One of the stranger reversals wrought by Bush's neoconservative foreign policy has been the rejection by much of the left of a morality-based foreign policy.
If the resolution was part of a new U.S. approach to the Middle East, one in which we acknowledged and acted to redress the historical injustices suffered by all the region's peoples, not just by our allies, the Armenian genocide bill could stand as an example not of American grandstanding but of American courage.
Looks like that bill is dead
... thus extravagantly do we, like a schoolmaster clothed in the mantle of perfect virtue, sit in judgments over all other governments, looking sharply down the nose of each of them to see whether its handling of its domestic affairs meets with our approval.
Turkey has been the strongest ally that the United States has had in the Middle East since the end of WW II. The Marshall Plan started with Northern tier states like Turkey and Greece. Turkey joined NATO and was a key player in the American victory in the Cold War. As a secular government, Turkey stood against the rising tide of Muslim radicalism. To the extent that Turkey is moderating its long-term secular militancy, and moving toward fair elections, it may be providing a model for a moderate, democratic Middle East. Its economy is growing rapidly, foreign investment is in the billions. Turkey is in short, almost everything the US could have asked for in the Middle East.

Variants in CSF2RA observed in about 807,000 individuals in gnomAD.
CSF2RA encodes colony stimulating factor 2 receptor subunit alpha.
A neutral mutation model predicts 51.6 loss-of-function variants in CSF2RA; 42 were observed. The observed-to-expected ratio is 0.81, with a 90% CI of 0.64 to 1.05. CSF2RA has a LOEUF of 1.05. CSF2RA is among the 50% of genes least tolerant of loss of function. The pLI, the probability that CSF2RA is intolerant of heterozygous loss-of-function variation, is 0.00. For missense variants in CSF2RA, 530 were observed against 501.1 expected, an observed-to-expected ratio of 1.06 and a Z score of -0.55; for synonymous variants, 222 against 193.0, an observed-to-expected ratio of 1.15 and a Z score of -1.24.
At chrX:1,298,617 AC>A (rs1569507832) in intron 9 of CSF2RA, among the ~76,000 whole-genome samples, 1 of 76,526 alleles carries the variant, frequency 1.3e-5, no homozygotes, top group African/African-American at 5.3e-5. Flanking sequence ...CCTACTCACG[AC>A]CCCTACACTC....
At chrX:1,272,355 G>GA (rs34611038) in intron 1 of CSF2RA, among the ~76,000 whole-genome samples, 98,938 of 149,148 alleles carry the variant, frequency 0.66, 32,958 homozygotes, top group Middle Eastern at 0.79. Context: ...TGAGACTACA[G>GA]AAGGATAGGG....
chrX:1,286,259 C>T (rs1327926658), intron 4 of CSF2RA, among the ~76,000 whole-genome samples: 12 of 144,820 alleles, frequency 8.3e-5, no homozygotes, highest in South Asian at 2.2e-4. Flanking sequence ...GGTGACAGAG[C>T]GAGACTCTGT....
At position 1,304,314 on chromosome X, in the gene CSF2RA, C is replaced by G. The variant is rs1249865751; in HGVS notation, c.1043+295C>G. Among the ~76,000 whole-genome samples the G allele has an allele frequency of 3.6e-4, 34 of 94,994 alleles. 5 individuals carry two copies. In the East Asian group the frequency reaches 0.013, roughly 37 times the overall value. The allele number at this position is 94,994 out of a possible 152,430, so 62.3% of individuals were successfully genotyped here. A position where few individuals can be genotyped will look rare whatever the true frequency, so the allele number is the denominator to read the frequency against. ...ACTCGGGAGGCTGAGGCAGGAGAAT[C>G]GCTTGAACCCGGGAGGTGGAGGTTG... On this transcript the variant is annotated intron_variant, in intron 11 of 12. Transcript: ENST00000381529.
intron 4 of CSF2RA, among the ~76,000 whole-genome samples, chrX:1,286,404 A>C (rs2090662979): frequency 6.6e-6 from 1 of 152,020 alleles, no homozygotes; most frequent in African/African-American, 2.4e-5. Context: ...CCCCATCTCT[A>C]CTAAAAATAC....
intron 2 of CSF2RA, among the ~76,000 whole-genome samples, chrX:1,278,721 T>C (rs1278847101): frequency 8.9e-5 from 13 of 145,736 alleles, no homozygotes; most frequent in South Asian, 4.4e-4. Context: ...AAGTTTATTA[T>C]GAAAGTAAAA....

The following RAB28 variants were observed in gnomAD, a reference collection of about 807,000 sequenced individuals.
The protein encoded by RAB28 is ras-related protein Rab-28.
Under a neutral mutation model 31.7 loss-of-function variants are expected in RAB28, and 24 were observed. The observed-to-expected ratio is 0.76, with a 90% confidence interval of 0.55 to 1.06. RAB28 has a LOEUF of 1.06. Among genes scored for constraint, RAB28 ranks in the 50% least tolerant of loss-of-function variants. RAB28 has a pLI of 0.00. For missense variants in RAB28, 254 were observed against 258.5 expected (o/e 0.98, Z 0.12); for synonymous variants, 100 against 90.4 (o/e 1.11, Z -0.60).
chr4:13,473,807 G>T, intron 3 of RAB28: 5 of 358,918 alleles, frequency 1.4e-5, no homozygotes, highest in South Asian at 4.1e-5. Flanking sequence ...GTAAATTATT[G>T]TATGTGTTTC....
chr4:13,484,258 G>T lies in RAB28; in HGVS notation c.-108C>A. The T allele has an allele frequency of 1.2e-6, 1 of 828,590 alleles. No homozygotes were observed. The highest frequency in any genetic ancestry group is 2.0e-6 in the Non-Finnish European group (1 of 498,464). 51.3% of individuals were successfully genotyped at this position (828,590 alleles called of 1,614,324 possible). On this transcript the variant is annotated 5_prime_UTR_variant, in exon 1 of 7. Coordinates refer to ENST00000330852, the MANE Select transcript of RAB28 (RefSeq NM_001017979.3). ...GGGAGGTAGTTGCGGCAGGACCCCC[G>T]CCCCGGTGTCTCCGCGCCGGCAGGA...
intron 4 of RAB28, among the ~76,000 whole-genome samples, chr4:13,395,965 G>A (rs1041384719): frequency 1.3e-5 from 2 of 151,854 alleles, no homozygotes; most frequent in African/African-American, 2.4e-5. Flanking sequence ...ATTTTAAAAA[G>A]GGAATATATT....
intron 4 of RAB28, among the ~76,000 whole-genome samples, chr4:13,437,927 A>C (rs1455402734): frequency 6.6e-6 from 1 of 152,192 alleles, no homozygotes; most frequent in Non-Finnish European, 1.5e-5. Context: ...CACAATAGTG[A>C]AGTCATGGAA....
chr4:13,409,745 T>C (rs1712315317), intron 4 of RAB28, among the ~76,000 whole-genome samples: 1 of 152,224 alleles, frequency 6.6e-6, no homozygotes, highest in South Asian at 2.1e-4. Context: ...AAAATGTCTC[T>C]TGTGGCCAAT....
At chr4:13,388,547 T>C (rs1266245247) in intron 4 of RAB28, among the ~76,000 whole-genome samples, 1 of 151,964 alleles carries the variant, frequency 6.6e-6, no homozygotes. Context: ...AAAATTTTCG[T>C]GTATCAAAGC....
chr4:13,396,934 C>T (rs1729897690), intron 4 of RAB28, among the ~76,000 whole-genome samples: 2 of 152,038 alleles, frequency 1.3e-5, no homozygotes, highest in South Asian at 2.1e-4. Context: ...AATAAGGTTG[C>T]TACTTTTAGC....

they've always been a handy spot to (a) fight Communism (b) intervene in the Middle East
may be providing a model for a moderate, democratic Middle East
« Older How do you see time? Florentine graphic designer C... | Stephen Barnwell makes meticul... Newer »
This thread has been archived and is closed to new comments
Buy a Shirt